*This article provides an overview of how to create a team charged with delivering mitigation solutions for epidemics and pandemics. The solutions should be derived from simulations of models from all disciplines and should yield the best overall solution space from which elected leaders can make more informed decisions regarding mitigation policies.*

**INTRODUCTION**

In an article, a mechanical engineer explained his fluid dynamics research regarding the oral expression of a virus with and without different types of masks and in situations of coughing, sneezing, singing, exercising, and regular breathing. Like most articles on coronavirus, it was based on research from the singular perspective of one discipline. It did not include the microbiological time decay models of the virus, nor research from any other discipline except fluid dynamics. The decision for or against masks in that article relied solely on the research of the mechanical engineer.

The value delivered to the world by Covid-19 is that it has put on display the lack of multi-discipline modeling and simulation needed to make fully-informed policy decisions. Epidemiologists know epidemiology.

Economists know economics. Psychologists know psychology. Sociologists know sociology. Mechanical engineers know fluid dynamics, thermodynamics, and feedback systems. Microbiologists know decay rates of cells and virus assays under conditions of humidity, temperature, light frequency and intensity ranges, and turbulence.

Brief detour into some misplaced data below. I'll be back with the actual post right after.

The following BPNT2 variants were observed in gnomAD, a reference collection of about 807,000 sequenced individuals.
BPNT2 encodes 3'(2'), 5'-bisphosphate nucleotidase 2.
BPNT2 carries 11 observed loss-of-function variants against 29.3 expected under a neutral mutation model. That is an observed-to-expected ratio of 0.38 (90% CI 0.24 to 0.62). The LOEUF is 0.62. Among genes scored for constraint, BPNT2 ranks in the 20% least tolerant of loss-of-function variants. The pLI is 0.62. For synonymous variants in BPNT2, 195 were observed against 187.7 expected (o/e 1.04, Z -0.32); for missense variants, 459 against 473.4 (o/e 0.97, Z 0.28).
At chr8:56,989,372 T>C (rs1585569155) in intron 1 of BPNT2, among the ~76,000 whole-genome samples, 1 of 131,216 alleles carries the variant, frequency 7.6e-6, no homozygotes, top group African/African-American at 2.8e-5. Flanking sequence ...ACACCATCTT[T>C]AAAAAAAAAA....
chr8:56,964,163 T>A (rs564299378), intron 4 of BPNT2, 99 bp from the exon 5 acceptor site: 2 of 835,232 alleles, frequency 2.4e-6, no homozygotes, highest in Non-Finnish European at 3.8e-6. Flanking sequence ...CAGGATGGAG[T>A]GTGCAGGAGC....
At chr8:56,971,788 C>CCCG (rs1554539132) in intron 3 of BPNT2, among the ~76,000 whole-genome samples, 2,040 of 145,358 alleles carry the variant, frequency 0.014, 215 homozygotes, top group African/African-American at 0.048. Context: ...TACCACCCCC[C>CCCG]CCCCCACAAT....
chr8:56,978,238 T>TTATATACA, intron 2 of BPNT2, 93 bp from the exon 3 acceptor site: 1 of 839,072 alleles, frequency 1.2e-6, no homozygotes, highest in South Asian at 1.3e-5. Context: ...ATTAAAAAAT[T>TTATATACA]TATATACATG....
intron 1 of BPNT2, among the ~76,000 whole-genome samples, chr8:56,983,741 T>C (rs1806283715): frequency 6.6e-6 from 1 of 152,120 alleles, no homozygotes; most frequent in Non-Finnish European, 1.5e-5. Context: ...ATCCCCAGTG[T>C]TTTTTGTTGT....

Unfortunately, there do not appear to be any studies that incorporate multiple disciplines into a model to be simulated and analyzed for minimizing death, minimizing spread, maximizing recovery, or maximizing immunity.

#### ISSUE

The foundational problem to be solved lies in the field of economics, not epidemiology. Do not be confused with the narrow view that economics is a purely financial field of study. To economize a system is to increase the net efficiency of the overall system. This can be achieved through decreasing or increasing inputs or outputs or changing the system to achieve the optimal net result.

In the case of a pandemic, the economist is best equipped to manage all the equations and data from each of the disciplines including epidemiologists, microbiologists, psychologists, sociologists, engineers, physicians, and economists. The economist can create and manage the overall quantitative analysis.

Quantitative analysis (QA) is a mathematical procedure that seeks to minimize or maximize a result (e.g., minimize deaths) based on inputs that are constants (e.g., population size) or variables (e.g., time length of lockdown, wearing of a mask, transportation mode in commute to work). Equations are built from the constants and variables and then used in the QA. A computer program then runs the QA and outputs the solution space.

Currently, the epidemiologists and physicians leading the task force lack the broad understanding to perform multi-discipline analyses. Their mitigation solutions lack sustainability and do not factor in many negative externalities that reside within the purviews of other disciplines.

#### SOLUTION

Create a group (task force, agency, or department) charged with defining a solution space from which policy will be chosen. The solution space will be the result of a multi-discipline quantitative analysis (MDQA). The group should include experts in each of the disciplines necessary to form a robust model.